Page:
One of my favorite things about working remotely -- which I do a few times a month -- is the freedom to get comfortable. When I work from home, I'm usually find myself in one of three positions: sitting up at the table, laying down with my laptop, or buried in a pillow avalanche on my couch. (Sound familiar to anyone?)
While most offices have a few full-time remote workers -- and probably a few that operate like I do -- the idea of more remote employees may be one companies need to get used to.
Why is remote work becoming such a big deal? Well, from where I'm sitting (currently "sitting up at the table"), it's simple: Because good candidates are asking for it, and technology's making it an easier thing to demand -- no matter what the position entails.
For employees, this is great news. They can live where they want, spend less time and money commuting, and wear their bathrobe to meetings. But what do companies get out of it?
According to research by online freelance marketplace Upwork, sourcing and onboarding in-office employees takes an average of 43 days, compared with three days for remote employees. Not to mention, being open to remote team members widens the talent pool.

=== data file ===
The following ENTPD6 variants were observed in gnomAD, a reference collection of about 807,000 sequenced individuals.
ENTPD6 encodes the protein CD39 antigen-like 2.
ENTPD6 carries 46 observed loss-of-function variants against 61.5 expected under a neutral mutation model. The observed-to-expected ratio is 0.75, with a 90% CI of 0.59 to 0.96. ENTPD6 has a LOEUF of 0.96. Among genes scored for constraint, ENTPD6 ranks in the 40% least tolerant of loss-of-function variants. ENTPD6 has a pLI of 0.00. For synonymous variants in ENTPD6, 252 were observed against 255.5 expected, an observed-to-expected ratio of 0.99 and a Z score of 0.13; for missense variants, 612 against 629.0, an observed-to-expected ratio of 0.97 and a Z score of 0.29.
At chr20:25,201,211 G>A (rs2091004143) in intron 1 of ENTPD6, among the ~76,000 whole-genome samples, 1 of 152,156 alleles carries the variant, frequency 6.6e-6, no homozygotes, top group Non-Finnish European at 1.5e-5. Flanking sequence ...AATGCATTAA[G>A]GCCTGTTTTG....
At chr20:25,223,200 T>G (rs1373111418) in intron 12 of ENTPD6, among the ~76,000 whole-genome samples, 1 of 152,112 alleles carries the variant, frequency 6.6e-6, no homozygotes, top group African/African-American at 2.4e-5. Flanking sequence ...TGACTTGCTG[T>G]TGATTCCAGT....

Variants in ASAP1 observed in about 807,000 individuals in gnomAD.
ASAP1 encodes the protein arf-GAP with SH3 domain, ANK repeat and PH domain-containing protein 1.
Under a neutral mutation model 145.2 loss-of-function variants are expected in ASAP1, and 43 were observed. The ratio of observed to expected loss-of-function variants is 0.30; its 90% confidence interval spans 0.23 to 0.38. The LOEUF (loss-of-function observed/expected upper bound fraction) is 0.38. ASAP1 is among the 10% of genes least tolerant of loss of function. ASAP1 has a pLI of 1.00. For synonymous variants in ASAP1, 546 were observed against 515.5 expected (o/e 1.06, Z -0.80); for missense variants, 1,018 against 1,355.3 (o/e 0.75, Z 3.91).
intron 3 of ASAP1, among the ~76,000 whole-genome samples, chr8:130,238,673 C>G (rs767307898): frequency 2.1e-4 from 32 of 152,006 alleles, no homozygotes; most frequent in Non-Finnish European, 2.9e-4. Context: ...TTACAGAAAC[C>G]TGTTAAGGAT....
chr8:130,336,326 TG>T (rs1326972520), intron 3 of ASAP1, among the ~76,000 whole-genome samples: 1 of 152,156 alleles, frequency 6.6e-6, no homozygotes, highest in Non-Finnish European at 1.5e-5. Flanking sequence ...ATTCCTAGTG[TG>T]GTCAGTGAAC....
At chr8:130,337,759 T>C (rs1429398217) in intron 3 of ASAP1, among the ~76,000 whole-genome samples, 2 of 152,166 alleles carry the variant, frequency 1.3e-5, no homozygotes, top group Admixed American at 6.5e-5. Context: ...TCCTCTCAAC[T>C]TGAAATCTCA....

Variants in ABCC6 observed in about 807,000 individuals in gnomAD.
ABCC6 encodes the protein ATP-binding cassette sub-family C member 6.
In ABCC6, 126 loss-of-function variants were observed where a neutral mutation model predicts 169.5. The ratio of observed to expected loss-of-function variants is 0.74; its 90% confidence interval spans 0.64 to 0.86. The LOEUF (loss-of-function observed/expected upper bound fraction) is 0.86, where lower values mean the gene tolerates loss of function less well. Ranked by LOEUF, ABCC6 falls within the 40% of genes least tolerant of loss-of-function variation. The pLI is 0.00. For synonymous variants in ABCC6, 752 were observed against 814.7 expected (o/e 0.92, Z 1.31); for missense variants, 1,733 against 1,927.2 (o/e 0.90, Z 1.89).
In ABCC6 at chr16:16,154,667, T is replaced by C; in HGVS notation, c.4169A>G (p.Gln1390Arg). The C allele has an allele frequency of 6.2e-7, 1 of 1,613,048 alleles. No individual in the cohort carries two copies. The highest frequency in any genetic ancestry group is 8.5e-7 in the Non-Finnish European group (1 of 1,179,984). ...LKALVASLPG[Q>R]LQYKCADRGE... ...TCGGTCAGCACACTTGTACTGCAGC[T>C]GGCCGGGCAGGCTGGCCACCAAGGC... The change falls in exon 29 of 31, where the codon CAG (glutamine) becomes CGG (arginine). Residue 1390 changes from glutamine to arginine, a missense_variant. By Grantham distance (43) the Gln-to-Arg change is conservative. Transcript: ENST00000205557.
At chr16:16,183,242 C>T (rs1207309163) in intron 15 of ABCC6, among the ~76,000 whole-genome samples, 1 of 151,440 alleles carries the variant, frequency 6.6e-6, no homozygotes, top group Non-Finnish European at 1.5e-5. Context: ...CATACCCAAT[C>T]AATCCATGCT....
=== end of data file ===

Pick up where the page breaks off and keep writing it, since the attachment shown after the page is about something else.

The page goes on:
So to help you sort through the operations and expectations that employers need to consider to make remote work effective, let's walk through some practices that make it easier for me to communicate and collaborate with my remote teammates.
How to Make Remote Work Work
On Setup & Technology
I have very little in the way of tech savvy, but I do know that a good operational and technical foundation helps remote workforces stay productive. This is where two key teams come into play: Finance & Accounting and IT.
It starts with a commitment -- if you're interested in making it -- to investing in your remote team as actual employees that will grow with the company. Not contractors. Not freelancers. That investment means working with Finance & Accounting to understand the administrative costs of paying employees in different states or countries. Are there visa costs you'll need to consider? Will employees need to travel to the office on a regular basis -- and if so, is the company financing it? Do they have the technology they need at home to communicate with you effectively? Again, are you financing it if they don't?
These questions extend to IT and the infrastructure they'll need to set up, too. They'll want to build in security measures for employee devices, and will need to equip your office with the technology your in-office team needs to communicate with remote team members. This includes chat software, remote meeting software, telepresence devices, and potentially some high-tech conference rooms to make coordinating all of that seamless. One of my teammates who works remotely half the week and works with our global offices quite a bit actually takes pains to dial into meetings on video, specifically. She found it difficult at first but says it made her far more productive being visually present in meetings, and is grateful to have the infrastructure to support that.